North Korean leader Kim Jong Un is warning that the current goodwill with the United States could end if Washington continues to impose sanctions to force his regime to denuclearize.
In his annual New Year's Day address, Kim said it was his "firm will" that North Korea will no longer produce or test nuclear weapons, nor would it "use or spread" its arsenal. He added he was prepared to hold another meeting with U.S. President Donald Trump this year. But he said his country may have to take another path unless Washington takes "corresponding measures." He also called on the United States and South Korea to end all joint military drills.
Kim Jong Un and President Trump signed a vague agreement during their historic summit in Singapore last June, but further negotiations have stalled over Pyongyang’s demand for front-loaded sanctions relief tied to small progress, and its opposition to Washington’s call for complete denuclearization prior to granting any concessions.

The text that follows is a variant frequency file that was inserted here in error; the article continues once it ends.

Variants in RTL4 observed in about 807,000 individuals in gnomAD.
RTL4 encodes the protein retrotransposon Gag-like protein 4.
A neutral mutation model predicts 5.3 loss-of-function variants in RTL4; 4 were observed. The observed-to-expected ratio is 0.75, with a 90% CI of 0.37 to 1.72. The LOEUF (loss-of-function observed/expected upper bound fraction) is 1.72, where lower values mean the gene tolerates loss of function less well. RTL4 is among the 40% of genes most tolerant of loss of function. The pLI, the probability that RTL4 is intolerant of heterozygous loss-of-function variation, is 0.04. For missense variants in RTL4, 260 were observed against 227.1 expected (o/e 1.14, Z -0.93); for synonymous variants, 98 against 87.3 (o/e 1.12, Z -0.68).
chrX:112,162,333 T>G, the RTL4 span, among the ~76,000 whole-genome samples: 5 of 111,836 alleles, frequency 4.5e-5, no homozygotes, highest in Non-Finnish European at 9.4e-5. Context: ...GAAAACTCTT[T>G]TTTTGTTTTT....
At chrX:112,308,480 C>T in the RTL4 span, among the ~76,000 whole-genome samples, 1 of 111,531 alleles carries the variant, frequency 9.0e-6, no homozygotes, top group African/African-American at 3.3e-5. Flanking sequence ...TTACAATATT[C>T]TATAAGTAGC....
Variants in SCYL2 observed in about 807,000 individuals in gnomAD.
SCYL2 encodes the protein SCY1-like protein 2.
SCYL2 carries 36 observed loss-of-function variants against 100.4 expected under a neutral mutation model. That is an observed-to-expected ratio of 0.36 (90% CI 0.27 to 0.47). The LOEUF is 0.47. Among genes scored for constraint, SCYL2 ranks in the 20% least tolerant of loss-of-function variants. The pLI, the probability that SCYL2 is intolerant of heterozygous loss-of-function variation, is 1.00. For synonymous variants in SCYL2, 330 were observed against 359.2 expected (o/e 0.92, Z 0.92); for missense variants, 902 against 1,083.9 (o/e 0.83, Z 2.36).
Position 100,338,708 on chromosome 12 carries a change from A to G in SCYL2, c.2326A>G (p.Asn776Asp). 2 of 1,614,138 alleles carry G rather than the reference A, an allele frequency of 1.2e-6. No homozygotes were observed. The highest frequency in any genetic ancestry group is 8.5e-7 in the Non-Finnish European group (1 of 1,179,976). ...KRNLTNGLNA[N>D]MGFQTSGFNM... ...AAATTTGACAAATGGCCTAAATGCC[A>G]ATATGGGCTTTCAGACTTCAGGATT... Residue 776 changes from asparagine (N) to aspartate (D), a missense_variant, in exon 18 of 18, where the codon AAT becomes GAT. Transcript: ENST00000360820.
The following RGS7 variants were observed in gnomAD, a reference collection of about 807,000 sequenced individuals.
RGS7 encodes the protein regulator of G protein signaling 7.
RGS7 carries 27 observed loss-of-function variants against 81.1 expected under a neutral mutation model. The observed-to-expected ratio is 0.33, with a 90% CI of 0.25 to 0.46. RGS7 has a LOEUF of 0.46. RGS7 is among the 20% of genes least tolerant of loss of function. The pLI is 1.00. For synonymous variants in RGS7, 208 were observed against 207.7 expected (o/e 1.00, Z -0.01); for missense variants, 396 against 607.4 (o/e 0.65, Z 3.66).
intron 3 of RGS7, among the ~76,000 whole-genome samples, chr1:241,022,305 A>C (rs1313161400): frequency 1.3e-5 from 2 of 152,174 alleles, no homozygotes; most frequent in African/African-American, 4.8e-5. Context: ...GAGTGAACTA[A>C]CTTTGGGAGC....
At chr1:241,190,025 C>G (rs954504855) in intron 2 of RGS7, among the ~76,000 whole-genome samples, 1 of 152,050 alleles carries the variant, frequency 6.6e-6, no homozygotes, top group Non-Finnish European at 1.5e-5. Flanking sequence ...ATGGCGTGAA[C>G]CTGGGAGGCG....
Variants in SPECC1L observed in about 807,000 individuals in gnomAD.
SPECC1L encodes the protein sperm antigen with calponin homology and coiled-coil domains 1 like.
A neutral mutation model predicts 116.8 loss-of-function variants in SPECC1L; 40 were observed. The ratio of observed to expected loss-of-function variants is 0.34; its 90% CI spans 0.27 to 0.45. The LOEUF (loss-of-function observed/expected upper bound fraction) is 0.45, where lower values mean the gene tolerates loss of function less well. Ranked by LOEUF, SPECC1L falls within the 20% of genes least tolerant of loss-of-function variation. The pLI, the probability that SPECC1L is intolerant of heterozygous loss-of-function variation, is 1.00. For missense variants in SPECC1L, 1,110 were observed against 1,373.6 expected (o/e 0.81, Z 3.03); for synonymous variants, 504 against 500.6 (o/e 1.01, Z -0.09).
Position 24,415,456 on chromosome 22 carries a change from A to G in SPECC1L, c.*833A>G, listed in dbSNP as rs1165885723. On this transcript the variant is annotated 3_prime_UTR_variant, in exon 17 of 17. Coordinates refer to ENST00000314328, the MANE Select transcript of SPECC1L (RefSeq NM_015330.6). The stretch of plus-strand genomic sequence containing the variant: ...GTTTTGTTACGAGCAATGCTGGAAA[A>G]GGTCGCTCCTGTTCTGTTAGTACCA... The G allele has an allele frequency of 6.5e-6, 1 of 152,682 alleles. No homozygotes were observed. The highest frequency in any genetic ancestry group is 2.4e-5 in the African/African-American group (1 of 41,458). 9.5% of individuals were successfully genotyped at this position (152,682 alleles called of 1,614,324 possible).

North Korea is also demanding that the United States and South Korea first issue a peace declaration to formally end hostilities and replace the armistice that has been in effect since the Korean War ended in 1953. Critics worry a peace declaration could undermine the justification for the U.S. military presence in South Korea.
Despite Kim's warning, South Korea's Unification Ministry welcomed his address, saying it reflected Kim's commitment towards complete denuclearization and lasting peace on the Korean peninsula, and the continued improvement of inter-Korean relations.
Tuesday's speech was delivered exactly one year after Kim announced his willingness to send a contingent of North Korean athletes to the Winter Olympics in Pyeongchang, South Korea the following month. The speech set off a series of diplomatic breakthroughs, including three summits with South Korean President Moon Jae-in and the meeting with President Trump.